Journal of Arab & Muslim Media Research
Fig. 1. Courtesy of the Journal of Arab & Muslim Media Research.

The Journal of Arab & Muslim Media Research released its new issue (Vol. 8, Issue 3, 2015), edited by Noureddine Miladi from the Qatar University. The issue focuses on media representations of conflicts, portrayals of social groups, and social networks advertising.

The articles are available to buy online.

Ruth Sanz Sabido: Palestine in the British press: A Postcolonial Critical Discourse Analysis

This article examines the representations of the Israeli Palestinian conflict in the British press, starting from the premise that media representations in Britain should be analysed in relation to Britain’s role as a postcolonial power. Focusing on Britain’s colonial and postcolonial connection to this conflict, this study is based on the findings of a Postcolonial Critical Discourse Analysis of four British national newspapers (the Guardian, or Manchester Guardian; The Times; the Daily Herald, or the Sun; and the Daily Mirror) at four different points during the history of the conflict. The findings indicate that the classification of Palestine, Palestinians, Israel, Israelis, Jews, Zionists and Arabs as agents of political violence evolved over time, as violent acts and agents were perceived differently according to the dominant political discourse during each period. The contextualization of the conflict also provides insights into how the British press constructed its various ideological positions in relation to the clashes, and the extent to which the British Mandate remained visible in the later coverage of the armed confrontations. The postcolonial approach adopted in this study indicates that the generalized lack of references to the historical facts that underpin Britain’s role in the development of the conflict represents an attempt to move away from the historical responsibilities derived from colonial encounters. This framework therefore helps to restore the largely neglected historical connection of the British Mandate to its proper place in the analysis of these mediated events.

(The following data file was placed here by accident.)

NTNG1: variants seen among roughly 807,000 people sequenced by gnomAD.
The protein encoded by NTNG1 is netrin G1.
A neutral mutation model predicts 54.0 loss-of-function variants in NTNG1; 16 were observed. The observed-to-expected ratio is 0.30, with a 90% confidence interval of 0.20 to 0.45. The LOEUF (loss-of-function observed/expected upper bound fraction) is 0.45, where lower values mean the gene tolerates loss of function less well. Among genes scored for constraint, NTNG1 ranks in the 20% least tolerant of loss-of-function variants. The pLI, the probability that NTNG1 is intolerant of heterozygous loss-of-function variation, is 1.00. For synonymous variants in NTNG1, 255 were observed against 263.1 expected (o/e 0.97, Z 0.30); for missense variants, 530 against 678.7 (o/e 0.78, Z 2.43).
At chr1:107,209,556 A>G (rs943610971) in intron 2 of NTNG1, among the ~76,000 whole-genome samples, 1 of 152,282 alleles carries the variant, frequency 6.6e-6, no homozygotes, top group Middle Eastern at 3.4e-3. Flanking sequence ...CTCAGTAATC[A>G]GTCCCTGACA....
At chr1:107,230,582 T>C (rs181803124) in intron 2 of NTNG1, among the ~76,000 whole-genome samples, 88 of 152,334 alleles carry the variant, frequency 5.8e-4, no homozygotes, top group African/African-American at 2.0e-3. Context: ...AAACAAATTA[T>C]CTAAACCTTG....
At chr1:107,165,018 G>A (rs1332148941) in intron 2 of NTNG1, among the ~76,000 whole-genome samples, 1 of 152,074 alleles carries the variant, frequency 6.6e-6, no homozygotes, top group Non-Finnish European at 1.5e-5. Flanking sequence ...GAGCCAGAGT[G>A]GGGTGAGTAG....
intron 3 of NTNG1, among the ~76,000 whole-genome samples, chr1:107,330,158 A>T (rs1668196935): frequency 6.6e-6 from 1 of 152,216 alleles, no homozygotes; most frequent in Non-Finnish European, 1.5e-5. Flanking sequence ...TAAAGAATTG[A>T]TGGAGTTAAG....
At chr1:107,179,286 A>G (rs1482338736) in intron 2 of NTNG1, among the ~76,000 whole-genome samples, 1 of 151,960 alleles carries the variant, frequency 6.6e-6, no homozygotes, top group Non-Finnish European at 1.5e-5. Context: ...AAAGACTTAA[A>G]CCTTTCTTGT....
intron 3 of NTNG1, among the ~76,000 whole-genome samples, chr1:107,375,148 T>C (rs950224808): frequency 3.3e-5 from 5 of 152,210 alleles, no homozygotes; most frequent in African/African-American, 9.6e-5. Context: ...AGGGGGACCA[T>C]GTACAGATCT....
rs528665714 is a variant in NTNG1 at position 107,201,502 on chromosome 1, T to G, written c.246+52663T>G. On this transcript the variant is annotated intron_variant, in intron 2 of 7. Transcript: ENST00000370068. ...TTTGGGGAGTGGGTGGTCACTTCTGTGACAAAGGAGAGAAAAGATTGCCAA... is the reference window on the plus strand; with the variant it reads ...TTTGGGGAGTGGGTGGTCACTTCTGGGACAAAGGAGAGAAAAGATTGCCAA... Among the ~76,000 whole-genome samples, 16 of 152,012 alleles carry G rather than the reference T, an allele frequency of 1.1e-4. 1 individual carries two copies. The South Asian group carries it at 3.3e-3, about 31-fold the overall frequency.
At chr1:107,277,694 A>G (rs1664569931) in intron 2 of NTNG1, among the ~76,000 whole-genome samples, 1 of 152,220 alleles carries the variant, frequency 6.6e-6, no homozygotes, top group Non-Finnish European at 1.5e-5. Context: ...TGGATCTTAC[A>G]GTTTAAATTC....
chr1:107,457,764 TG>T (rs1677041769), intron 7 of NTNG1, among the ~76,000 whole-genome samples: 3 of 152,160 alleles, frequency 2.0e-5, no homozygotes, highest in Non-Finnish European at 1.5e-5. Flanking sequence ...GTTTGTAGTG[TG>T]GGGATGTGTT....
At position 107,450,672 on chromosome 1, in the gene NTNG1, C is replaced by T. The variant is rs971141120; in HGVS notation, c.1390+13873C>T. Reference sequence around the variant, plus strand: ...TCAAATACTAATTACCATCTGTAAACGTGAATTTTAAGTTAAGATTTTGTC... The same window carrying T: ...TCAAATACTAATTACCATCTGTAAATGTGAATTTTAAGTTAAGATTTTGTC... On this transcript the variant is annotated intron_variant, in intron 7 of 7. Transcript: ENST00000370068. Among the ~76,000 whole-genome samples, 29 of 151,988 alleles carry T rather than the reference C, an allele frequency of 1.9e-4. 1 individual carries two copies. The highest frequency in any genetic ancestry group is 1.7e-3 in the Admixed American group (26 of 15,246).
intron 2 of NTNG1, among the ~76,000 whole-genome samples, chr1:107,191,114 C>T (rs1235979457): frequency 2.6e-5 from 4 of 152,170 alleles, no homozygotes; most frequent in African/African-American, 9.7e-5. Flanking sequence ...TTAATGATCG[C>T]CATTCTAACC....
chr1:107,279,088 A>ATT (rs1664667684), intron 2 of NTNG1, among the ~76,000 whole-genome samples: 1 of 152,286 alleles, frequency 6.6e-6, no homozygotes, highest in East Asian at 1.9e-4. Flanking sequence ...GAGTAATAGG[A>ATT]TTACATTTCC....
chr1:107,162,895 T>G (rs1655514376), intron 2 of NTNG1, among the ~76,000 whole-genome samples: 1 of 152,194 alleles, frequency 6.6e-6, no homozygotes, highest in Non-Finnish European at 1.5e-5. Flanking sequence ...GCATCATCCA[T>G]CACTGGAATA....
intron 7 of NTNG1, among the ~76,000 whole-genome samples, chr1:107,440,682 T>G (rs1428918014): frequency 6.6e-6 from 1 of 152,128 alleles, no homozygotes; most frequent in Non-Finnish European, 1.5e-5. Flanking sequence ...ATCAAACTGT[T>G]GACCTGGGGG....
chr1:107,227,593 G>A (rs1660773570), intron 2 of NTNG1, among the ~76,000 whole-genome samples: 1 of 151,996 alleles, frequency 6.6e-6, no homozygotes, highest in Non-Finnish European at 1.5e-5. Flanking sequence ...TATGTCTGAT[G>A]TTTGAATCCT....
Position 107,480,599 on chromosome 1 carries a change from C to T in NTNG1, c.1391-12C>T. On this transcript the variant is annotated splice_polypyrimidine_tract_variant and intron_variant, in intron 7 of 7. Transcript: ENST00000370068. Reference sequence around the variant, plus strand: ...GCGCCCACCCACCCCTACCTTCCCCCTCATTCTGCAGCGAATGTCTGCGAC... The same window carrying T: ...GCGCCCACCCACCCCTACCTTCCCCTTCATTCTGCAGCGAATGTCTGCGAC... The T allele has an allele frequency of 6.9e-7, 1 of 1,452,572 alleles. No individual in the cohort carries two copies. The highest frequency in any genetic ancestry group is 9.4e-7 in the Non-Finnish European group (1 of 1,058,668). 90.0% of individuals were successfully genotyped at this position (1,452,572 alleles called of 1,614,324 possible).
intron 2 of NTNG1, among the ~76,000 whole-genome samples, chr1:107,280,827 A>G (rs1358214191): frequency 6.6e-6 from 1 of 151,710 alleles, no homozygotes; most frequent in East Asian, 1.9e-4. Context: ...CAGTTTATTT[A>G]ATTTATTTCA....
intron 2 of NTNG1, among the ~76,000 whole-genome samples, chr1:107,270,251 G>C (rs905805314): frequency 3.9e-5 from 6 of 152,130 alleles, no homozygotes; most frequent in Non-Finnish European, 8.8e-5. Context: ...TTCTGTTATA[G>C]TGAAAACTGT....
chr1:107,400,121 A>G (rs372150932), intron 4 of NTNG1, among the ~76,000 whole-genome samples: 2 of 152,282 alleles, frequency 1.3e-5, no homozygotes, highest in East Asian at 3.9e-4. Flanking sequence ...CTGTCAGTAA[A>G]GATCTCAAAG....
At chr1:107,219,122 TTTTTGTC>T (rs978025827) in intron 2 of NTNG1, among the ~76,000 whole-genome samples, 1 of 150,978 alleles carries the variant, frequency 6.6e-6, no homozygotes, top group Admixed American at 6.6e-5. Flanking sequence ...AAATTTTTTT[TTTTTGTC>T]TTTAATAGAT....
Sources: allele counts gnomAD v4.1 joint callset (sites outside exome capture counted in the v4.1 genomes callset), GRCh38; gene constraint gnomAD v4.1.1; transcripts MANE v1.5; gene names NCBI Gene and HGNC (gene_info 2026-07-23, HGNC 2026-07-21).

Mazhar Al-Zo’by: Representing Islam in the age of neo-orientalism: Media, politics and identity